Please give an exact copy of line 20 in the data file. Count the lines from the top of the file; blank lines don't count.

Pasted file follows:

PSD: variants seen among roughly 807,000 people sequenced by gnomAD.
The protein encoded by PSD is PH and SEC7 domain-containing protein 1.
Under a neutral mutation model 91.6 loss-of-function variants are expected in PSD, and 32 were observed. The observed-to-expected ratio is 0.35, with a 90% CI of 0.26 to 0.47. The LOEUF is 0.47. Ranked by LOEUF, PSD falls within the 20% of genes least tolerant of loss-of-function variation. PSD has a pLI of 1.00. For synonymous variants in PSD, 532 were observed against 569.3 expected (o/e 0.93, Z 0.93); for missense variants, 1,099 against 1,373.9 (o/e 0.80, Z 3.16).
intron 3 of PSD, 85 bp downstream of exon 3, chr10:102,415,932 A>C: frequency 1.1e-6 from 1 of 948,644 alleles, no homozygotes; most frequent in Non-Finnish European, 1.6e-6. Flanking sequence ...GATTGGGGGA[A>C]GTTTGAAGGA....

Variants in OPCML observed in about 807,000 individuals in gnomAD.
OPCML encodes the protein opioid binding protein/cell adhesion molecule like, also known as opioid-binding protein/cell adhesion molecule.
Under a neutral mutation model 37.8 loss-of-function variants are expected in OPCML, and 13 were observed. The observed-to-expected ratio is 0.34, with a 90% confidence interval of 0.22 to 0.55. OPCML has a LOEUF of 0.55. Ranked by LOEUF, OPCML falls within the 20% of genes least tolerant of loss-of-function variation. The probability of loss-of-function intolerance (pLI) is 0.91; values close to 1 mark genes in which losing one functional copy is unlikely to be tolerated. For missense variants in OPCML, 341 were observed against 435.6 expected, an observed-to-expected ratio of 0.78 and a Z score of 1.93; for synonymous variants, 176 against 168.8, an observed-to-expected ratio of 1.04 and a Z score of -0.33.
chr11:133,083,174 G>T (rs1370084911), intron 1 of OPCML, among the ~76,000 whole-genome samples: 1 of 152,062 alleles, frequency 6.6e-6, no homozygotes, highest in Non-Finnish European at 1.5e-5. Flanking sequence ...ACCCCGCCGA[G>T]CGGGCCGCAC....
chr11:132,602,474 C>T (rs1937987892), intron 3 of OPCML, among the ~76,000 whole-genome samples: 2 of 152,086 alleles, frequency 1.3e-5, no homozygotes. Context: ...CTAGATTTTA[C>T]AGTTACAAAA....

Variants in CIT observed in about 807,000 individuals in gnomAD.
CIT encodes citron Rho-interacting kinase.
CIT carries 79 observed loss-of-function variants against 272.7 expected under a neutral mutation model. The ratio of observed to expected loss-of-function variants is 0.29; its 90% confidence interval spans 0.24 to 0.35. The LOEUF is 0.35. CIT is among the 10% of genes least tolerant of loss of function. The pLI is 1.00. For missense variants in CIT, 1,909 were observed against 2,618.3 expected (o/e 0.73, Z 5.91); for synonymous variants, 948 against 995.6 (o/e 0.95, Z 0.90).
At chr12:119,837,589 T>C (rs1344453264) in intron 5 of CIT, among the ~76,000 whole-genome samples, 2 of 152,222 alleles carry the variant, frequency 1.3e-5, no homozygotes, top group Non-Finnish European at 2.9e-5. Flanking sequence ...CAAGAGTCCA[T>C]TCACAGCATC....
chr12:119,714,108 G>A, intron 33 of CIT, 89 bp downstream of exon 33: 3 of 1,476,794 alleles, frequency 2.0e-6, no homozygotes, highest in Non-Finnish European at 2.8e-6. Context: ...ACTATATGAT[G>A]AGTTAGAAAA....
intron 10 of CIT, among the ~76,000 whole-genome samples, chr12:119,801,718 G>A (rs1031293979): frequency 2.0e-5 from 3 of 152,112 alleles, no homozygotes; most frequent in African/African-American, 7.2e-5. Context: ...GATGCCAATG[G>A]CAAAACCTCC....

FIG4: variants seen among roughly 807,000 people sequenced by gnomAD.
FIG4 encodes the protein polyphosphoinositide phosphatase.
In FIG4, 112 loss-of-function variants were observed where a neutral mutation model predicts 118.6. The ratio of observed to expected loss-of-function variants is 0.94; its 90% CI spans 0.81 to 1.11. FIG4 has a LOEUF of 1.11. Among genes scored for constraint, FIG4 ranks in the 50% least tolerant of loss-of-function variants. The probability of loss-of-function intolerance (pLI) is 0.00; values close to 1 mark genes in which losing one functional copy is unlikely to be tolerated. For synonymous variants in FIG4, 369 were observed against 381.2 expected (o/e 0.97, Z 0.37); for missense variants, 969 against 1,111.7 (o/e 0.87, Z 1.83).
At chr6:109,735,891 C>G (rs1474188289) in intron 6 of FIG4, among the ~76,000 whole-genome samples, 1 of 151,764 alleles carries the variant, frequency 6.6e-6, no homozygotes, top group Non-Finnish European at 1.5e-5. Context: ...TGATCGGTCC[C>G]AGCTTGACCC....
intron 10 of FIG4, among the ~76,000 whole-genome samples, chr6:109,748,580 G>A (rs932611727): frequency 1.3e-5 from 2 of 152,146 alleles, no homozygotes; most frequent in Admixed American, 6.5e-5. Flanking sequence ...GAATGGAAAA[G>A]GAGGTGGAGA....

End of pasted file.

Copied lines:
intron 10 of FIG4, among the ~76,000 whole-genome samples, chr6:109,748,580 G>A (rs932611727): frequency 1.3e-5 from 2 of 152,146 alleles, no homozygotes; most frequent in Admixed American, 6.5e-5. Flanking sequence ...GAATGGAAAA[G>A]GAGGTGGAGA....